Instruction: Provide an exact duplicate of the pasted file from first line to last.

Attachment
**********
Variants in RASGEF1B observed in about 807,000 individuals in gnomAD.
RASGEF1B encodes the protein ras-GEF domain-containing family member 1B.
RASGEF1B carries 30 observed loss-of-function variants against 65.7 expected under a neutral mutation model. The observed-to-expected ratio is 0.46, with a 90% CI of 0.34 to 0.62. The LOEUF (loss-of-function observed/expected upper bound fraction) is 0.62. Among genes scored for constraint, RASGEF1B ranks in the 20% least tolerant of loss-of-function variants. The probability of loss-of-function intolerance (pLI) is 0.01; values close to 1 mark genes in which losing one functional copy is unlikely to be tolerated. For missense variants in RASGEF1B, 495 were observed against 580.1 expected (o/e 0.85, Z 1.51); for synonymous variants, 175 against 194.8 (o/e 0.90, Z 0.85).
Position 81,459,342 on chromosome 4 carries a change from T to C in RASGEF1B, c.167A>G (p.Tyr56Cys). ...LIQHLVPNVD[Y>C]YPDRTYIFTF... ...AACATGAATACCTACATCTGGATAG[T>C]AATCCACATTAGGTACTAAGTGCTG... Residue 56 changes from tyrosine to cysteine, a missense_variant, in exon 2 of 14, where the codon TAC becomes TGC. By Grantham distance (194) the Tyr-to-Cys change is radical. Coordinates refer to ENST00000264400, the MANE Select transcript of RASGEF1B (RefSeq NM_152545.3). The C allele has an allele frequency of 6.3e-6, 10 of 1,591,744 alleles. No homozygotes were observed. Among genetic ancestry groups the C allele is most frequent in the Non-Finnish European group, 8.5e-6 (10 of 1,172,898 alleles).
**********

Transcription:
Variants in RASGEF1B observed in about 807,000 individuals in gnomAD.
RASGEF1B encodes the protein ras-GEF domain-containing family member 1B.
RASGEF1B carries 30 observed loss-of-function variants against 65.7 expected under a neutral mutation model. The observed-to-expected ratio is 0.46, with a 90% CI of 0.34 to 0.62. The LOEUF (loss-of-function observed/expected upper bound fraction) is 0.62. Among genes scored for constraint, RASGEF1B ranks in the 20% least tolerant of loss-of-function variants. The probability of loss-of-function intolerance (pLI) is 0.01; values close to 1 mark genes in which losing one functional copy is unlikely to be tolerated. For missense variants in RASGEF1B, 495 were observed against 580.1 expected (o/e 0.85, Z 1.51); for synonymous variants, 175 against 194.8 (o/e 0.90, Z 0.85).
Position 81,459,342 on chromosome 4 carries a change from T to C in RASGEF1B, c.167A>G (p.Tyr56Cys). ...LIQHLVPNVD[Y>C]YPDRTYIFTF... ...AACATGAATACCTACATCTGGATAG[T>C]AATCCACATTAGGTACTAAGTGCTG... Residue 56 changes from tyrosine to cysteine, a missense_variant, in exon 2 of 14, where the codon TAC becomes TGC. By Grantham distance (194) the Tyr-to-Cys change is radical. Coordinates refer to ENST00000264400, the MANE Select transcript of RASGEF1B (RefSeq NM_152545.3). The C allele has an allele frequency of 6.3e-6, 10 of 1,591,744 alleles. No homozygotes were observed. Among genetic ancestry groups the C allele is most frequent in the Non-Finnish European group, 8.5e-6 (10 of 1,172,898 alleles).